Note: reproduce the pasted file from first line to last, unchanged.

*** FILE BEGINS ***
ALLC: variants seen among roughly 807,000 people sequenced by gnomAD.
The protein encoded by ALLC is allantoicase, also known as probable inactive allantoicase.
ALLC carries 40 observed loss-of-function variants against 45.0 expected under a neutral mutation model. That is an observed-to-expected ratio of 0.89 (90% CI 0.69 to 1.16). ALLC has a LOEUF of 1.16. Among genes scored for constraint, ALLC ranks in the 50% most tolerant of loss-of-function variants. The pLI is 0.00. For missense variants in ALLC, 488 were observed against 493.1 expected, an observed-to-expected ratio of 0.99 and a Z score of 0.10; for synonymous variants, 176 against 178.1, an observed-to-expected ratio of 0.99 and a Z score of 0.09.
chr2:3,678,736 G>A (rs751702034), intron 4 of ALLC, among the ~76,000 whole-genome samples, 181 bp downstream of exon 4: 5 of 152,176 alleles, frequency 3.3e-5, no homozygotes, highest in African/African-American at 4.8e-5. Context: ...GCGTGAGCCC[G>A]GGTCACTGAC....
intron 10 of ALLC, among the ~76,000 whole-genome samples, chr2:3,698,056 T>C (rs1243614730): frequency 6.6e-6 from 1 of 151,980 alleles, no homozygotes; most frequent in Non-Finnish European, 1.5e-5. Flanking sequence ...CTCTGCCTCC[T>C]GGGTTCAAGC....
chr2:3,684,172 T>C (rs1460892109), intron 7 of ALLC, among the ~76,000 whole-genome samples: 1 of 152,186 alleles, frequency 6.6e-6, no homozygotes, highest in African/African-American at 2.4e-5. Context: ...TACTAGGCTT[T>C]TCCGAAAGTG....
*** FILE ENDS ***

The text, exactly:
ALLC: variants seen among roughly 807,000 people sequenced by gnomAD.
The protein encoded by ALLC is allantoicase, also known as probable inactive allantoicase.
ALLC carries 40 observed loss-of-function variants against 45.0 expected under a neutral mutation model. That is an observed-to-expected ratio of 0.89 (90% CI 0.69 to 1.16). ALLC has a LOEUF of 1.16. Among genes scored for constraint, ALLC ranks in the 50% most tolerant of loss-of-function variants. The pLI is 0.00. For missense variants in ALLC, 488 were observed against 493.1 expected, an observed-to-expected ratio of 0.99 and a Z score of 0.10; for synonymous variants, 176 against 178.1, an observed-to-expected ratio of 0.99 and a Z score of 0.09.
chr2:3,678,736 G>A (rs751702034), intron 4 of ALLC, among the ~76,000 whole-genome samples, 181 bp downstream of exon 4: 5 of 152,176 alleles, frequency 3.3e-5, no homozygotes, highest in African/African-American at 4.8e-5. Context: ...GCGTGAGCCC[G>A]GGTCACTGAC....
intron 10 of ALLC, among the ~76,000 whole-genome samples, chr2:3,698,056 T>C (rs1243614730): frequency 6.6e-6 from 1 of 151,980 alleles, no homozygotes; most frequent in Non-Finnish European, 1.5e-5. Flanking sequence ...CTCTGCCTCC[T>C]GGGTTCAAGC....
chr2:3,684,172 T>C (rs1460892109), intron 7 of ALLC, among the ~76,000 whole-genome samples: 1 of 152,186 alleles, frequency 6.6e-6, no homozygotes, highest in African/African-American at 2.4e-5. Context: ...TACTAGGCTT[T>C]TCCGAAAGTG....